Assessing the potential for using wetlands as intermediary storages to conjunctively maintain ecological values and support agricultural demands

N.S.P. Ning, S.C. Watkins, B. Gawne, D.L. Nielsen

    Research output: Contribution to journalArticle

    4 Citations (Scopus)

    Abstract

    Water sharing to meet both agricultural and environmental demands is a critical issue affecting the health of many floodplain river systems around the world. This study explored the potential for using wetlands as temporary off-river storages to conjunctively maintain ecological values and support agricultural demands by assessing the effects of artificial drawdown on wetland aquatic plant communities. An initial experiment was undertaken in outdoor mesocosms in which four different treatments were compared over a 131 day duration: (1) natural drawdown where the water was left to drawdown naturally via evaporation; (2) partial drawdown where approximately half of the volume of water was pumped out after 42 days; (3) stepped drawdown where approximately half of the volume of water pumped out after 42 days, and then the remaining volume of water was pumped out after 117 days; and (4) total drawdown where all of the of water was pumped out after 117 days. A complementary field study was subsequently undertaken where two wetlands were left to drawdown naturally and two were partially drawn down artificially (i.e. had approximately half of their volume removed by pumping). Results from both of these studies indicated that neither aquatic plant abundance nor taxon richness were adversely affected by partial drawdown. Rather, both studies showed that aquatic plant communities subjected to a partial drawdown treatment became more species rich and diverse than communities subjected to a natural drawdown treatment. This suggests that it may be possible to use wetlands as intermediary storages for the dual purposes of maintaining ecological values and supporting agricultural demands. © 2012.
    Original languageEnglish
    Pages (from-to)19-27
    Number of pages9
    JournalJournal of Environmental Management
    Volume107
    DOIs
    Publication statusPublished - 2012

    Fingerprint

    Wetlands
    drawdown
    wetland
    Water
    Rivers
    aquatic plant
    water
    plant community
    demand
    Evaporation
    Health
    river system
    floodplain
    pumping
    evaporation
    Experiments

    Cite this

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    title = "Assessing the potential for using wetlands as intermediary storages to conjunctively maintain ecological values and support agricultural demands",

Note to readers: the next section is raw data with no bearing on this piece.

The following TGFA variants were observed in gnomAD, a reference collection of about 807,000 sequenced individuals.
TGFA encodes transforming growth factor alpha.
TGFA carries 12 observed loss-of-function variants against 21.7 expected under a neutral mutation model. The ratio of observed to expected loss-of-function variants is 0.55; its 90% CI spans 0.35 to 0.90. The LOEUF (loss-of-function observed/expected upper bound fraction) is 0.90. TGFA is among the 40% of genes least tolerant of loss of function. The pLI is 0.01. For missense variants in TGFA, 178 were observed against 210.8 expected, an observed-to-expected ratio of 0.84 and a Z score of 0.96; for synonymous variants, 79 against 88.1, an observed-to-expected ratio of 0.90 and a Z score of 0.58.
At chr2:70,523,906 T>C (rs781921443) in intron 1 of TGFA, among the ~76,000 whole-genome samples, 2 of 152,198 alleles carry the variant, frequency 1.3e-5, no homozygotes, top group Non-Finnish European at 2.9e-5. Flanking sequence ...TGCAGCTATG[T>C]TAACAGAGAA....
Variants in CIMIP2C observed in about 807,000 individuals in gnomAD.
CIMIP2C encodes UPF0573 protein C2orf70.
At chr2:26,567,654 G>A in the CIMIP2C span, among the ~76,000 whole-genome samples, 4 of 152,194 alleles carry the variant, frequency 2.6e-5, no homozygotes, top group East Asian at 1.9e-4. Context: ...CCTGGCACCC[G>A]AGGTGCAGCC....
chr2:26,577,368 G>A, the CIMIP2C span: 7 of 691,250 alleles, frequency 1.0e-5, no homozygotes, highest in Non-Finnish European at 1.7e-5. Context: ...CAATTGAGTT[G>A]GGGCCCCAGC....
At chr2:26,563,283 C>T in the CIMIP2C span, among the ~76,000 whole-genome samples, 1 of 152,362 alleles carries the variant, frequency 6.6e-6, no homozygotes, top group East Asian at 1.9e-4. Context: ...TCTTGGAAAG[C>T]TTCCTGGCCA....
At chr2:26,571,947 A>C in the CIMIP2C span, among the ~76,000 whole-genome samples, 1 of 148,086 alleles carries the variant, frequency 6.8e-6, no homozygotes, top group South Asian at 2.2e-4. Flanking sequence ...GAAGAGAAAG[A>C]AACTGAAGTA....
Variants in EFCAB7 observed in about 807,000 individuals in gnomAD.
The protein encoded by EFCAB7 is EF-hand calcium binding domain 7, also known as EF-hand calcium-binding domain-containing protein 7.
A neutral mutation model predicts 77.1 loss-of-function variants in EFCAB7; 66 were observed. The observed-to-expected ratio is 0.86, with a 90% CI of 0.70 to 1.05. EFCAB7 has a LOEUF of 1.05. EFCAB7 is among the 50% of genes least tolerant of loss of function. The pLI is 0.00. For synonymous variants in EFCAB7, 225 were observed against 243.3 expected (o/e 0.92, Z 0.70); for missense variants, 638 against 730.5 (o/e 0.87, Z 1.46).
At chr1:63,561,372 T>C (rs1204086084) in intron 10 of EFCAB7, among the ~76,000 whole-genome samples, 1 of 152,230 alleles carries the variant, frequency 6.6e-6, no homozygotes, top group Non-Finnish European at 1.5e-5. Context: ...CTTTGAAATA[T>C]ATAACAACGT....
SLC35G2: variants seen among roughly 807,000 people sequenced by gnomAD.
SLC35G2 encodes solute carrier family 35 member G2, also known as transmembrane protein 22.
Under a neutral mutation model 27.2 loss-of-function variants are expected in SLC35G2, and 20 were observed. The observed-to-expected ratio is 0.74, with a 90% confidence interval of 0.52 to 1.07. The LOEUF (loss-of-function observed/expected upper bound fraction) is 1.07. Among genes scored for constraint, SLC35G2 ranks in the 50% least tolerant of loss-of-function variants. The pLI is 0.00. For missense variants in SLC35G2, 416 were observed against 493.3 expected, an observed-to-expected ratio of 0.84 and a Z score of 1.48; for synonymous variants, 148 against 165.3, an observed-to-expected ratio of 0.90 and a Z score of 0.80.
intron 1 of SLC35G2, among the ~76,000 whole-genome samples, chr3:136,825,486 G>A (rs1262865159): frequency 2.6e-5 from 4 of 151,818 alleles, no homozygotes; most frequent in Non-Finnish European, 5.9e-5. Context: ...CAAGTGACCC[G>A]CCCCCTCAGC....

abstract = "Water sharing to meet both agricultural and environmental demands is a critical issue affecting the health of many floodplain river systems around the world. This study explored the potential for using wetlands as temporary off-river storages to conjunctively maintain ecological values and support agricultural demands by assessing the effects of artificial drawdown on wetland aquatic plant communities. An initial experiment was undertaken in outdoor mesocosms in which four different treatments were compared over a 131 day duration: (1) natural drawdown where the water was left to drawdown naturally via evaporation; (2) partial drawdown where approximately half of the volume of water was pumped out after 42 days; (3) stepped drawdown where approximately half of the volume of water pumped out after 42 days, and then the remaining volume of water was pumped out after 117 days; and (4) total drawdown where all of the of water was pumped out after 117 days. A complementary field study was subsequently undertaken where two wetlands were left to drawdown naturally and two were partially drawn down artificially (i.e. had approximately half of their volume removed by pumping). Results from both of these studies indicated that neither aquatic plant abundance nor taxon richness were adversely affected by partial drawdown. Rather, both studies showed that aquatic plant communities subjected to a partial drawdown treatment became more species rich and diverse than communities subjected to a natural drawdown treatment. This suggests that it may be possible to use wetlands as intermediary storages for the dual purposes of maintaining ecological values and supporting agricultural demands. {\circledC} 2012.",
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    Assessing the potential for using wetlands as intermediary storages to conjunctively maintain ecological values and support agricultural demands. / Ning, N.S.P.; Watkins, S.C.; Gawne, B.; Nielsen, D.L.

    In: Journal of Environmental Management, Vol. 107, 2012, p. 19-27.

    Research output: Contribution to journalArticle

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    AU - Watkins, S.C.

    AU - Gawne, B.

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